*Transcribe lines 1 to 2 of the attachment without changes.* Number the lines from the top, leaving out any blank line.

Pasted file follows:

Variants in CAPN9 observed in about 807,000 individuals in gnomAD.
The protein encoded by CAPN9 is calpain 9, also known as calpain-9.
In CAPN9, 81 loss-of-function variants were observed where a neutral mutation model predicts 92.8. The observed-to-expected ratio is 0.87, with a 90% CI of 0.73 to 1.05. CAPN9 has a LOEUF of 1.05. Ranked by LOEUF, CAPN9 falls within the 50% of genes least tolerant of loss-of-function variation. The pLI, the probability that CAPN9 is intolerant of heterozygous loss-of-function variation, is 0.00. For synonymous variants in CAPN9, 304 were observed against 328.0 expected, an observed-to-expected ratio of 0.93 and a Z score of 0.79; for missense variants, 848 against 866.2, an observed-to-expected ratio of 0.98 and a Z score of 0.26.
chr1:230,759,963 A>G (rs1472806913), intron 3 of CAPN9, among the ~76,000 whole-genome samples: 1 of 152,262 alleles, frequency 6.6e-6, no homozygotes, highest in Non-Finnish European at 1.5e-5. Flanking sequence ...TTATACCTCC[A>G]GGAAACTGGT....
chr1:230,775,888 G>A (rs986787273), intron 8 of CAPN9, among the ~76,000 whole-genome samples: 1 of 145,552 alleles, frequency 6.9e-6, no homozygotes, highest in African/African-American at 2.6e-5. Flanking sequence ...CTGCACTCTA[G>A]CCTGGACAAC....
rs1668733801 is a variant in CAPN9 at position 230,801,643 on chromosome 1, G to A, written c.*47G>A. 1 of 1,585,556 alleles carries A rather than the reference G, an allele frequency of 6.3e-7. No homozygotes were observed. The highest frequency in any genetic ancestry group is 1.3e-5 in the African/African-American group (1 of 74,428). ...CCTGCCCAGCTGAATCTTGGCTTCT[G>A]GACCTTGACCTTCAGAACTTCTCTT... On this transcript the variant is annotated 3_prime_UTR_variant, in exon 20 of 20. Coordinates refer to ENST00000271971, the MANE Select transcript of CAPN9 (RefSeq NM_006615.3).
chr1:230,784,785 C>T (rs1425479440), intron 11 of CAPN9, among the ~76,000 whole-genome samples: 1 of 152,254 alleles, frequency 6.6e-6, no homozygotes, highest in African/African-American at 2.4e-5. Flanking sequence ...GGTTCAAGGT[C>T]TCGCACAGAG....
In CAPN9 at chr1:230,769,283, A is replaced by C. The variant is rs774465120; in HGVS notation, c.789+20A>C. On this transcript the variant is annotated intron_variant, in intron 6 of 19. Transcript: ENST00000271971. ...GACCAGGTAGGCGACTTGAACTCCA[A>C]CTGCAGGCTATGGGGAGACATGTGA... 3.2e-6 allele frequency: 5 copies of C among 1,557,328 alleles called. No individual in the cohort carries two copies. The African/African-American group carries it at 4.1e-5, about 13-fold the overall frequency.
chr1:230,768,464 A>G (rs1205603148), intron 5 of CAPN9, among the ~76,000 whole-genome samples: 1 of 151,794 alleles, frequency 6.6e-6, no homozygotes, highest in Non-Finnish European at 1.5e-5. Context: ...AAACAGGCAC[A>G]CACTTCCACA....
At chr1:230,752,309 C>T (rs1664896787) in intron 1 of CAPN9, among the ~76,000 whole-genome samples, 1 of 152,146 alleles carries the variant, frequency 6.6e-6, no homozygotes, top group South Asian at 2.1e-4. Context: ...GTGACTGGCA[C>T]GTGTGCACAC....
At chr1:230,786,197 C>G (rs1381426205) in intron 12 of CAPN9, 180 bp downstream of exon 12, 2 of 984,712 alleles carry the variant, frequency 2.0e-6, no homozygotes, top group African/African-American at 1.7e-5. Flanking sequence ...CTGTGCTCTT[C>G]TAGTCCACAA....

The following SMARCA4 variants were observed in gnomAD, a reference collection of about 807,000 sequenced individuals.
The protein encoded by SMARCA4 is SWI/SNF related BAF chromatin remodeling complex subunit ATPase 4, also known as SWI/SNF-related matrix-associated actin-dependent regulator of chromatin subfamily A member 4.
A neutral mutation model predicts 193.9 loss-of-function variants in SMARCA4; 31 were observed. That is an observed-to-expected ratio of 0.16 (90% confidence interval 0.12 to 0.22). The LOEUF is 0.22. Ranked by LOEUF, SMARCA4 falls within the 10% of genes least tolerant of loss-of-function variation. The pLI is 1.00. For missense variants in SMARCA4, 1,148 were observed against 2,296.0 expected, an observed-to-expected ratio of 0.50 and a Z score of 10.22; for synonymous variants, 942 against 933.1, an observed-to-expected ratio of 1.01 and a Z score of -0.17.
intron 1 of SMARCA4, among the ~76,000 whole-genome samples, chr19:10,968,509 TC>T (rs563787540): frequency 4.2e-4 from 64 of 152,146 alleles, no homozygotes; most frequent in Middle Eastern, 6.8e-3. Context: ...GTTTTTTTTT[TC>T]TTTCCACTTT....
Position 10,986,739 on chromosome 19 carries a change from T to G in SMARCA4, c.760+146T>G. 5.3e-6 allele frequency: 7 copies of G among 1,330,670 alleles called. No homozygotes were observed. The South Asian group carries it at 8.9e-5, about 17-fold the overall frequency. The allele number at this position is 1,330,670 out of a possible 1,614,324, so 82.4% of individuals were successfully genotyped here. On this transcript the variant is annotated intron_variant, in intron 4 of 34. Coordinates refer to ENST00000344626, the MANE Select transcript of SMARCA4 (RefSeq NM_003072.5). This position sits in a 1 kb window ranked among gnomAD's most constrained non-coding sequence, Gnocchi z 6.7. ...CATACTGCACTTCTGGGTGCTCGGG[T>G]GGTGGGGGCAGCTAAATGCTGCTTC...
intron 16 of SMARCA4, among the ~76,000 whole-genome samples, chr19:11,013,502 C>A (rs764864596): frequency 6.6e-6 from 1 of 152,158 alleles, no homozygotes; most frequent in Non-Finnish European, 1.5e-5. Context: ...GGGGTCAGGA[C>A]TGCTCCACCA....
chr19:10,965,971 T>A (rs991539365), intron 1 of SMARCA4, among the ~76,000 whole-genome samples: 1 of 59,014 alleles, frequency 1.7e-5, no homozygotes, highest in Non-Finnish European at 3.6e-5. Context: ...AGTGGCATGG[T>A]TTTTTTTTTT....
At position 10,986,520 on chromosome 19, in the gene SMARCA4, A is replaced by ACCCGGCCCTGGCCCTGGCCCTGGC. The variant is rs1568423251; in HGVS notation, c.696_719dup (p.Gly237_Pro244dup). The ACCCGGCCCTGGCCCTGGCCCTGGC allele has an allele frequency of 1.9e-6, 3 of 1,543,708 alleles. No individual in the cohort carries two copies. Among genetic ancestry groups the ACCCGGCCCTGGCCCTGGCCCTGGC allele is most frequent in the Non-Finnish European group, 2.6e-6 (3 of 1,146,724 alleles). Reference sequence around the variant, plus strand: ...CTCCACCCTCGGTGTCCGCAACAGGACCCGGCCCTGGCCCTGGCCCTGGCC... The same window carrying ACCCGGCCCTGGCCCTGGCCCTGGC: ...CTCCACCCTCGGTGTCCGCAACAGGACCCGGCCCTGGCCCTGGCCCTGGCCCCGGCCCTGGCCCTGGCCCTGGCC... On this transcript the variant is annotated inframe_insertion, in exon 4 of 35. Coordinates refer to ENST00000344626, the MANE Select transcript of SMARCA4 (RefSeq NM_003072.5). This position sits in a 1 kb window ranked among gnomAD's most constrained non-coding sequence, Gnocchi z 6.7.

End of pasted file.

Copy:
Variants in CAPN9 observed in about 807,000 individuals in gnomAD.
The protein encoded by CAPN9 is calpain 9, also known as calpain-9.